Planning a Thru-Paddle?

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Paddling the 740-mile Northern Forest Canoe Trail in one trip has been an exhilarating, trying, contemplative, exasperating and enlightening experience for those who have completed it. More than 80 people have made The NFCT List and each have unique stories to tell of wildlife encountered, rapids run or portaged around, crazy thunderstorms and gorgeous sunsets. If you are considering a through paddle of the trail, this list provides references available to help you begin to plan and prepare.

Study an Overview of the Northern Forest Canoe Trail

NFCTOverviewMap_Jan2015NFCT’s Trip Planner is an online resource that shows the entire trail divided into 13 sections across New York, Vermont, Québec, New Hampshire and Maine. A majority of rivers flow in the easterly and northeasterly direction (but not all) therefore the trail is described and through paddled from west to east starting in Old Forge, New York and ending in Fort Kent, Maine. The map tool allows you to zoom into each section and populate services along the route.

Read First Person Narratives

05 portage over boardwalkOur Paddler Blogs includes a list of through and section paddlers and their personal accounts of paddling the trail. These entries are insightful and inspiring, and share what lake and river conditions can be like at different times of the year and in varying types of weather. From moose sightings, to trail angels, to the best place to get pizza, paddler blogs provide a taste of what your journey can be like.

Get Guidebooks and Maps

NFCT Guidebook cover Feb 1 2010Navigational resources to paddle all or part of the trail can be purchased online from NFCT and at your local book store or outdoor retail shop. The Northern Forest Canoe Trail Guidebook provides detailed descriptions from the paddler’s perspective heading downstream. The guide also offers water safety tips and anecdotal wisdom like good fishing spots and historic landmarks. (For example, one gets not only the route description of the 5.7-mile Grand Portage in Québec but also where to find petroglyphs along the way!)

Northern Forest Canoe Trail’s 13 maps are waterproof and show campsites, carries, rapids, local camping and fire regulations as well as who to phone for emergency assistance. They can be purchased individually, as state sets, or altogether. The Northern Forest Canoe Trail guidebook and maps are meant to be used as companions to one another.

Russ CollettWritten by through paddler Katina Daanen, The Northern Forest Canoe Trail Through-Paddler’s Companion describes the entire route from the through paddler’s perspective heading east to northeast. This includes about 160 miles of upstream travel, mostly in Vermont and New Hampshire, and practical advice about water levels and the wheel-ability of portages.

Seek Advice from Through Paddlers

NFCT’s Paddlers Forum is an interactive site where you can chat with others who have paddled part or all of the trail, post specific questions, and read past conversations. We monitor the site and also post trail safety updates here. Use the collective knowledge to help answer your questions.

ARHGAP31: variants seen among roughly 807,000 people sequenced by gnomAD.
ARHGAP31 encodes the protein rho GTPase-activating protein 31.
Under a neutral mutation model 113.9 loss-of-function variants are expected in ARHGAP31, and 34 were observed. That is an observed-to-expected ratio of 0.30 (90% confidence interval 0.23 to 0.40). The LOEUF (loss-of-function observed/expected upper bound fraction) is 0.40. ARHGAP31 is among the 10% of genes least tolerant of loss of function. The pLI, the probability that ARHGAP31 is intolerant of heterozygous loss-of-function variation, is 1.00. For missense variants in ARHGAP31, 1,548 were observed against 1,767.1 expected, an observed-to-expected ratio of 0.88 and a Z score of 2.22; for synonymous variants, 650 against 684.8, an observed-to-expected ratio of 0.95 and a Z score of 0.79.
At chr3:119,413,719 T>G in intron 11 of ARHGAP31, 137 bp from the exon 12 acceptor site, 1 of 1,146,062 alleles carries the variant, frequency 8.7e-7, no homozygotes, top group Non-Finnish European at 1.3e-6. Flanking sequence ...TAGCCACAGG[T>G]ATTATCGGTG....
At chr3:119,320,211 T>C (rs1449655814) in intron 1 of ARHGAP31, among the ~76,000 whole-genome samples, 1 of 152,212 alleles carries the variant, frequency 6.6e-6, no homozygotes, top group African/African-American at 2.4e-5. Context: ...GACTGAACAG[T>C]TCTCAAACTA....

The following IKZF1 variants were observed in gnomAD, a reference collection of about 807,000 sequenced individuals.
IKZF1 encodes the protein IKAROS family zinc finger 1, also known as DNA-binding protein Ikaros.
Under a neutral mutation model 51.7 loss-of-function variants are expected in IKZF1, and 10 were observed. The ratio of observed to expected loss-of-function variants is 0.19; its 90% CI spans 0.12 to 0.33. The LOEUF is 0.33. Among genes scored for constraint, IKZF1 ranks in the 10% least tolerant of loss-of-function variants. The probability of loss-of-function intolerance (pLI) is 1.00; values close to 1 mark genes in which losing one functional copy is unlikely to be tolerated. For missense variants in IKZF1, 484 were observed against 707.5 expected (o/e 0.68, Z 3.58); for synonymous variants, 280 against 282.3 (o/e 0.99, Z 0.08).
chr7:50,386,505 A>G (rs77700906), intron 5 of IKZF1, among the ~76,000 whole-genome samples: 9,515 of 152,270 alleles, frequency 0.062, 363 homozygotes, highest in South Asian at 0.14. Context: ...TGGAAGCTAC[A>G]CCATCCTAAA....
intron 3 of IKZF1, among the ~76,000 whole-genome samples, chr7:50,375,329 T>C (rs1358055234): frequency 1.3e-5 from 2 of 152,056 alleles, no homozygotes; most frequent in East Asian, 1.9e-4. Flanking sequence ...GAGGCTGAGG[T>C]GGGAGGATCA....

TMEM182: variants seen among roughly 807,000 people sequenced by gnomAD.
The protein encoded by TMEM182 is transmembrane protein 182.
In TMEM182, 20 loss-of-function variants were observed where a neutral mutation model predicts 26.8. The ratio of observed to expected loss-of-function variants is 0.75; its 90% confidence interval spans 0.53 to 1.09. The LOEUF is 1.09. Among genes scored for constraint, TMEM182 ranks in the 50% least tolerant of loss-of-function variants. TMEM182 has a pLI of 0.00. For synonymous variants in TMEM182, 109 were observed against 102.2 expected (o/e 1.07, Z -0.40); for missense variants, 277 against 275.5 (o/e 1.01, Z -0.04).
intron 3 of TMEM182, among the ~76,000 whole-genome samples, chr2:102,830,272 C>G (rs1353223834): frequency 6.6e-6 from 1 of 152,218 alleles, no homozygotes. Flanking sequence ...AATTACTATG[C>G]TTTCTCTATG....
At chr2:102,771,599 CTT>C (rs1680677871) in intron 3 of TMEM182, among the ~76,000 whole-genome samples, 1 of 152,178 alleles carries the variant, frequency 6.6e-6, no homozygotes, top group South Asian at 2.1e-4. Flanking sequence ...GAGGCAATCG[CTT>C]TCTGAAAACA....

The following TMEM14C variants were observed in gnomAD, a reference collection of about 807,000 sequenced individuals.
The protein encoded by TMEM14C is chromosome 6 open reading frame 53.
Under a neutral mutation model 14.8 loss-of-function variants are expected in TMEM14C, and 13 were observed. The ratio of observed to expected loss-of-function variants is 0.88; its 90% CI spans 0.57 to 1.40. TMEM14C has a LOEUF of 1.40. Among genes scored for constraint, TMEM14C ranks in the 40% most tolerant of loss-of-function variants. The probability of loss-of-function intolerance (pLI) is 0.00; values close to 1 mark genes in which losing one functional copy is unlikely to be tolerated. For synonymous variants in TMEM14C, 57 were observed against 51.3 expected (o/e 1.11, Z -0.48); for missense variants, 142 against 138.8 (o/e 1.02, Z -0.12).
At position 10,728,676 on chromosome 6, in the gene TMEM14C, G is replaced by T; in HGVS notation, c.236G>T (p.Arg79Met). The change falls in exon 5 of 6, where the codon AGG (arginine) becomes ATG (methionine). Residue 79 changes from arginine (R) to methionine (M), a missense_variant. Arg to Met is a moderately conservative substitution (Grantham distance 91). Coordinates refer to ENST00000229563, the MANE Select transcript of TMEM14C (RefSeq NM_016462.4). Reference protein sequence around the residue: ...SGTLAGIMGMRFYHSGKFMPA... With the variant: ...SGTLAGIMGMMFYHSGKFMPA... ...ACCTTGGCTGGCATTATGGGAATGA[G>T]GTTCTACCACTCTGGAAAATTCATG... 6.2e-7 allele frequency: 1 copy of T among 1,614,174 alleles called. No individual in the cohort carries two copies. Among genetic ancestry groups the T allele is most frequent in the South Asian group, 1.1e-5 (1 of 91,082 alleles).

Cathy Mumford 4, by Scott MumfordHone Your Paddling and Route Finding Skills

Being prepared for a through paddle includes being physically fit, being comfortable paddling your canoe or kayak in a variety of water and weather conditions, and knowing how to use a compass. Look for paddling instruction classes in your area; local paddling clubs offer both on-the-water and pool sessions depending on the time of year. You can also checkout NFCT’s Calendar of Events, the American Canoe Association’s Find Courses, and L.L.Bean’s Outdoor Discovery School for canoe and kayak instruction classes. Teach yourself how to use a map and compass, or attend a workshop through a local hiking club, scout group or outdoor recreational store.

Contact Our Office

If you still have questions that haven’t been answered by the resources listed above, you can reach out to staff at the Northern Forest Canoe Trail office in Waitsfield, Vermont. Our availability to answer questions is dependent on how busy we are, and sending detailed questions by email to [email protected] is the best way to reach us. We can also set up a time to meet in person to review maps with you.

Before You Go, Review Trail Updates

IMG_0485Before you head out on the trail, check NFCT Trail Updates. Divided by the trail’s 13 maps, this information shares any new features—like campsites and re-routed portages—or closures that might not appear on your maps. We recommend that you use a permanent marker to add updates directly onto your maps or guidebook. This online resource is public so that you have the most current information available to make your navigation of the trail as well-informed as possible.

Using the above references will provide you with a wealth of knowledge about paddling the Northern Forest Canoe Trail. Another very important way to prepare for any long-distance paddling trip is to get out and paddle! Visit your local lakes and rivers to test your gear and gain confidence on the water.

Most of all, have fun planning your trip. The more research and contingency planning you do now will help make your long-distance adventure more successful when you finally get out on the Northern Forest Canoe Trail.

Next month’s article about through paddling the Northern Forest Canoe Trail: How to determine the best time of the year to start your trip.

 

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